Outbreak of the war
End of the war

Parallel worlds: literacy as a yardstick for development

In view of the high level of illiteracy within the population as a whole, the Habsburg Monarchy lagged behind other western European states. The vast regional differences in literacy was a characteristic feature.

Whereas only around 1 per cent of the population of the German Reich in 1899 could not read and write and illiteracy was deemed to have been officially eliminated in 1912, it remained a massive problem in Austria-Hungary.

Educational opportunities in the Monarchy were extremely unequal. There were great differences between the central regions and the weakly structured periphery. Not only were the possibilities for acquiring higher education there extremely limited, but in many cases even access to elementary education was also practically non-existent. It was not until around 1900 that a basic education infrastructure was sufficiently developed at the edges of the empire for the demand for compulsory schooling, which had been defined by law with the introduction in 1869 of an obligatory eight years of school, to be met in practice. In 1900 only 75 per cent of school-age children actually attended primary school, rising to 88 per cent by 1910.

Apart from the difference between the centre and the periphery, ethnicity was also a major factor. Educational opportunities were not taken advantage of equally by the different population groups, above all because of the imbalance in social development of the individual language groups. In some ethnic groups, the insistence on the right to schooling in the native language brought about an increase in educational possibilities. Because of the parallel German and Czech schools, a positive cultural by-product of the language dispute, bilingual Bohemia, for example, had the highest literacy levels. On the eve of the First World War, around 95 per cent of the two language groups were able to read and write.

At the other end of the scale, fewer than 30 per cent of the population of the south and south-east of the empire were literate. The highest levels of illiteracy were to be found in politically and economically underprivileged language groups like the Serbo-Croats, Romanians and Ruthenians, who had a poorly developed network of educational institutions in their own language.

There was a grave imbalance in particular in Hungary. In spite of the legal requirement, fewer than 50 per cent of children attended school in 1870, and 68 per cent of the population were illiterate. Despite efforts to improve the situation, the Hungarian half of the empire lagged behind the Austrian half in terms of education. This was due, amongst other things, to the state education policy in Hungary, which followed the general Magyarization trend and made it difficult for the non-Hungarian language groups to obtain an education in a language other than Hungarian.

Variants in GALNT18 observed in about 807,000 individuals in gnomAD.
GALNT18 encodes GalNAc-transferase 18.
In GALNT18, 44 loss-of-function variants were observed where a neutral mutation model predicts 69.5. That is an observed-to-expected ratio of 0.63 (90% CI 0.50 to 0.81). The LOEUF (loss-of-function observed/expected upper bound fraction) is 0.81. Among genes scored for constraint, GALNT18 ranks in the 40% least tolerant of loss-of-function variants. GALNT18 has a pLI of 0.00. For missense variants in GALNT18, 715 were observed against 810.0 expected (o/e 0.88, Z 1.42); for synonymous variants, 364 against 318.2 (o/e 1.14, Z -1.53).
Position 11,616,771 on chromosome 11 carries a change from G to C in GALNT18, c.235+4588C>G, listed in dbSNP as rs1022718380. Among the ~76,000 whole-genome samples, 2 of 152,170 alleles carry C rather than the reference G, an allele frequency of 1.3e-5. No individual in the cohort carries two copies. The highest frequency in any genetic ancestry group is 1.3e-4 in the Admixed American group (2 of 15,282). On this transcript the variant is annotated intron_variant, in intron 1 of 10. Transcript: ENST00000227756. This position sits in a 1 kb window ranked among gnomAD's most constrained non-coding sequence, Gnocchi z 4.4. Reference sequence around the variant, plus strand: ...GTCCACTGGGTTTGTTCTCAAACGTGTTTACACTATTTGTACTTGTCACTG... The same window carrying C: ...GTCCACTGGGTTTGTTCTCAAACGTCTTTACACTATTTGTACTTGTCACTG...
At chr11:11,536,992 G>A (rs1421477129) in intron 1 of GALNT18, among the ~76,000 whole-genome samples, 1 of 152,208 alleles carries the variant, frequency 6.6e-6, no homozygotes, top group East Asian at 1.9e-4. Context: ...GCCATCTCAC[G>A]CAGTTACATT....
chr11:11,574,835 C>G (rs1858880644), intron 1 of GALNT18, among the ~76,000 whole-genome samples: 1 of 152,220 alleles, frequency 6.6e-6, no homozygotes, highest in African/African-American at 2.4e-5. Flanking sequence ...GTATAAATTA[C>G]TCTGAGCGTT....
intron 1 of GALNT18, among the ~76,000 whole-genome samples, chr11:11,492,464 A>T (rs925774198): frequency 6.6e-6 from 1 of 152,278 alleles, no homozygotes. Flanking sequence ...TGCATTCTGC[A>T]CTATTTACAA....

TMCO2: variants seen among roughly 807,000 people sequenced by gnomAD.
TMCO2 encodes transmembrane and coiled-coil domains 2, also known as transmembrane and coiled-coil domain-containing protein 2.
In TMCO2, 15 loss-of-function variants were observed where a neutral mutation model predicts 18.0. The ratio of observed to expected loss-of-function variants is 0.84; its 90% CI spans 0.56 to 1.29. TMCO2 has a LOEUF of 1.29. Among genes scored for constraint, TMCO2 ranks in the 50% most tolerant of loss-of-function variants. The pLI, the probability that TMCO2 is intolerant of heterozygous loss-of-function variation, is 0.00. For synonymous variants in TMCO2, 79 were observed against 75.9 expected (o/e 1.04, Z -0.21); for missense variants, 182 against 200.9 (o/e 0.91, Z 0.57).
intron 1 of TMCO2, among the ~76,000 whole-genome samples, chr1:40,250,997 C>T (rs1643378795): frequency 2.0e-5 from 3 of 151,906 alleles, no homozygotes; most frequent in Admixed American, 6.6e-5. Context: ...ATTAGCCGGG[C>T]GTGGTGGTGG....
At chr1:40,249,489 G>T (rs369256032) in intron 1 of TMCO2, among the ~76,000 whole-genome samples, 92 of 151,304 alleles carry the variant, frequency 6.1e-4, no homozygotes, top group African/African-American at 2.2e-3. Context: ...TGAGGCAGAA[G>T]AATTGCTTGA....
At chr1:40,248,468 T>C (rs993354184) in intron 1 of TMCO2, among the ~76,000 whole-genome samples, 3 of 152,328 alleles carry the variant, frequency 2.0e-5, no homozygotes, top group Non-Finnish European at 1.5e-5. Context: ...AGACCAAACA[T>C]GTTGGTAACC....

Another indication of the social backwardness of disadvantaged ethnic groups was the fact that the proportion of women among the illiterate populations was much higher than in areas with greater literacy, where the levels of illiteracy among men and women were almost equal.

Ethnicity was not the only marker. Membership of a confessional group influenced the level of literacy, as the 1910 census clearly reveals. The Jews in Hungary had a literacy rate of 75 per cent, the highest for the country as a whole. Protestants also had high literacy levels (73 per cent for the Augsburg Confession, 69 per cent for the Helvetian Confession and 63 per cent for the Unitarians). The Roman Catholics, who were the largest confessional group, had a literacy level of just 61 per cent, and the eastern Churches were even worse off, with just 35 per cent of the orthodox and 28 per cent of the Greek Catholic Christians.

Translation: Nick Somers


Rumpler, Helmut: Eine Chance für Mitteleuropa. Bürgerliche Emanzipation und Staatsverfall in der Habsburgermonarchie [Österreichische Geschichte 1804–1914, hrsg. von Herwig Wolfram], Wien 2005

Seger, Martin: Räumliche Disparitäten sozioökonomischer Strukturen in der Spätphase der Habsburgermonarchie. Die Gleichzeitigkeit des Ungleichzeitigen, in: Rumpler, Helmut/Seger, Martin (Hrsg): Die Habsburgermonarchie 1848–1918, Band IX/2: Soziale Strukturen, Wien 2010, 27–44

Contents related to this chapter


  • Aspect

    The Habsburg empire

    Austria-Hungary had an extremely diverse state structure. At the start of the First World War it was a major power in decline. Social and political problems and the dominant nationality conflicts shook the empire to its foundations. At the same time, the Monarchy represented an enormous cultural region in which the Habsburg empire flourished in spite of the political stagnation.